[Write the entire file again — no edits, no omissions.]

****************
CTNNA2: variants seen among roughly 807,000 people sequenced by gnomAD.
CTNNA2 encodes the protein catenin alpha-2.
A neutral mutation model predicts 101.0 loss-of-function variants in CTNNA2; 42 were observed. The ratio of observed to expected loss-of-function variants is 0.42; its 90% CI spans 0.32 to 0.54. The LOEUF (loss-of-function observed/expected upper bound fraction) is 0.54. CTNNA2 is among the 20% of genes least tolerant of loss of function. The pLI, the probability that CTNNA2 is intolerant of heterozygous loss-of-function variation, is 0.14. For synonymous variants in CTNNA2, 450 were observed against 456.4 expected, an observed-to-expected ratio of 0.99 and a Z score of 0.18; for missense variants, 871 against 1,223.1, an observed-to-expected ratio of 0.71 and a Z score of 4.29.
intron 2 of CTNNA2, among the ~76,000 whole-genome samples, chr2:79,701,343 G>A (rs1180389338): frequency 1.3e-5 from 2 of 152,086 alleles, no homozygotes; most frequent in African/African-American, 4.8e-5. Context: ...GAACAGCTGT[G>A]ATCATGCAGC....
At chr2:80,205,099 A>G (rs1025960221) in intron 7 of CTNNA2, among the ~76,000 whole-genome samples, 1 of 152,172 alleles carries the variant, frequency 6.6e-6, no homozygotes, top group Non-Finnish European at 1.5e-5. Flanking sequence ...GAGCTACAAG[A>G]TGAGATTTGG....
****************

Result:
CTNNA2: variants seen among roughly 807,000 people sequenced by gnomAD.
CTNNA2 encodes the protein catenin alpha-2.
A neutral mutation model predicts 101.0 loss-of-function variants in CTNNA2; 42 were observed. The ratio of observed to expected loss-of-function variants is 0.42; its 90% CI spans 0.32 to 0.54. The LOEUF (loss-of-function observed/expected upper bound fraction) is 0.54. CTNNA2 is among the 20% of genes least tolerant of loss of function. The pLI, the probability that CTNNA2 is intolerant of heterozygous loss-of-function variation, is 0.14. For synonymous variants in CTNNA2, 450 were observed against 456.4 expected, an observed-to-expected ratio of 0.99 and a Z score of 0.18; for missense variants, 871 against 1,223.1, an observed-to-expected ratio of 0.71 and a Z score of 4.29.
intron 2 of CTNNA2, among the ~76,000 whole-genome samples, chr2:79,701,343 G>A (rs1180389338): frequency 1.3e-5 from 2 of 152,086 alleles, no homozygotes; most frequent in African/African-American, 4.8e-5. Context: ...GAACAGCTGT[G>A]ATCATGCAGC....
At chr2:80,205,099 A>G (rs1025960221) in intron 7 of CTNNA2, among the ~76,000 whole-genome samples, 1 of 152,172 alleles carries the variant, frequency 6.6e-6, no homozygotes, top group Non-Finnish European at 1.5e-5. Flanking sequence ...GAGCTACAAG[A>G]TGAGATTTGG....